Velocity is Not an Independent Variable
Among certain economic commentators, it has been suggested that we should watch for a recovery in velocity (nominal GDP divided by some monetary aggregate) as an indication that economic conditions are improving. Brian Wesbury goes so far as to argue that the US recesssion was ‘caused by a dramatic slowdown in monetary velocity’. While an increase in velocity might be symptomatic of economic recovery, it would be wrong to think of velocity as an independent variable. Milton Friedman is often caricatured as claiming that velocity is constant. Rather, he claimed velocity is a stable function of other variables.
A better way to think about velocity is in terms of its inverse, or money demand. Money demand is typically viewed as some function of nominal GDP, an interest rate (the opportunity cost of holding money balances) and financial technology. The latter usually goes unmodelled, but conceptually at least, we can distinguish between permanent and temporary changes in financial technology. Permanent changes in financial technology are probably the main driver of long-run trends in velocity. Velocity trends lower in the early stages of economic development, as money facilitates a growing division of labour, before declining again as new forms of financial instrument take over some of the functions previously performed by money, giving rise to a classic U-shape.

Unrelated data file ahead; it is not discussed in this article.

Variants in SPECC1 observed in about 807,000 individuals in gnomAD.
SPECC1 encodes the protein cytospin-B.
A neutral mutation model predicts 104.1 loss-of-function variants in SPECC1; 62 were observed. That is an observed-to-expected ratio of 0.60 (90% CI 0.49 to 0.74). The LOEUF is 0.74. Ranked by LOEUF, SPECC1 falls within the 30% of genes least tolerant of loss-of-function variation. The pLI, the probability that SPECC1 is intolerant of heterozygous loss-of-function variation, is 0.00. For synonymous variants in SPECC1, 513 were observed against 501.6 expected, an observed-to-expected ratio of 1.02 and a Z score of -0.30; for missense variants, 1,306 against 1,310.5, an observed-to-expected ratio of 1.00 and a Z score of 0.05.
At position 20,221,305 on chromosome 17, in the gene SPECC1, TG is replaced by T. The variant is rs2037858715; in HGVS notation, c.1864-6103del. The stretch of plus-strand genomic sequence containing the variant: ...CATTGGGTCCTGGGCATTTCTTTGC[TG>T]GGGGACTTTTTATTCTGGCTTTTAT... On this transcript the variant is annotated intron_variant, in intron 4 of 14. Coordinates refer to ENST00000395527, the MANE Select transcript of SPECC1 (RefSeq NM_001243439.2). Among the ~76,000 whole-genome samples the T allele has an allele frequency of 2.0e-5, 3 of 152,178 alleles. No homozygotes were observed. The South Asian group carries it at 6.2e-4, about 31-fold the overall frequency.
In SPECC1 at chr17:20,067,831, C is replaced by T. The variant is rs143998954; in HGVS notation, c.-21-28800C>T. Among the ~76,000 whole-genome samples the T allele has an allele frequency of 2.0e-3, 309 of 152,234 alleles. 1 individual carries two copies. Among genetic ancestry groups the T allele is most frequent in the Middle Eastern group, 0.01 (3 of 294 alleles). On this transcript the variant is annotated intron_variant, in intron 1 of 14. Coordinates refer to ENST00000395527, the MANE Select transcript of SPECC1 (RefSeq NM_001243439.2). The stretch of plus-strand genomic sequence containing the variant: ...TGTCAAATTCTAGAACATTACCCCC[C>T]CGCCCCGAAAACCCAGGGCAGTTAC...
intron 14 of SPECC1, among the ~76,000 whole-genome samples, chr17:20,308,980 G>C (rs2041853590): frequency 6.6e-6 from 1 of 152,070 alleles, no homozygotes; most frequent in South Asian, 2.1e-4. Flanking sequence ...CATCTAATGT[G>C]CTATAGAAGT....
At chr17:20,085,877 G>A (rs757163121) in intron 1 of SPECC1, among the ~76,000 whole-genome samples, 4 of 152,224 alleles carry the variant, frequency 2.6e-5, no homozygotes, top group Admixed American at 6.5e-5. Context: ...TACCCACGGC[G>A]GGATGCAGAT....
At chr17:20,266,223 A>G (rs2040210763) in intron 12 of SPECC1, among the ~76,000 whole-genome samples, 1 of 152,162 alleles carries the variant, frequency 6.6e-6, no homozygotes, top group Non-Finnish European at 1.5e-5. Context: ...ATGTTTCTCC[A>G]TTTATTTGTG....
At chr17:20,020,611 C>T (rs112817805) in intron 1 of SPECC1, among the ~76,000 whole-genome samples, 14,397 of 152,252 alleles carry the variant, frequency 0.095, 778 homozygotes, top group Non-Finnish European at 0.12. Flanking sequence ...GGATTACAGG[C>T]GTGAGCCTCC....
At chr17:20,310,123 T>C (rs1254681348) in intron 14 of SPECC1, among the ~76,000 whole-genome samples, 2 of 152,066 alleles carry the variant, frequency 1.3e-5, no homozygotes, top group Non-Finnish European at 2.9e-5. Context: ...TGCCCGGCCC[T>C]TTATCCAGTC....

Short-run changes in money demand are likely to reflect temporary changes in financial technology or financial shocks, as well as cyclical variations in nominal GDP and interest rates. From the foregoing, it should be apparent that short-term movements in velocity are unlikely to tell us anything we don’t already know about current and prospective business cycle conditions. Against the backdrop of a shock to financial technology of unknown duration, interpretation becomes even more difficult.
posted on 09 June 2009 by skirchner
in Economics, Financial Markets, Monetary Policy
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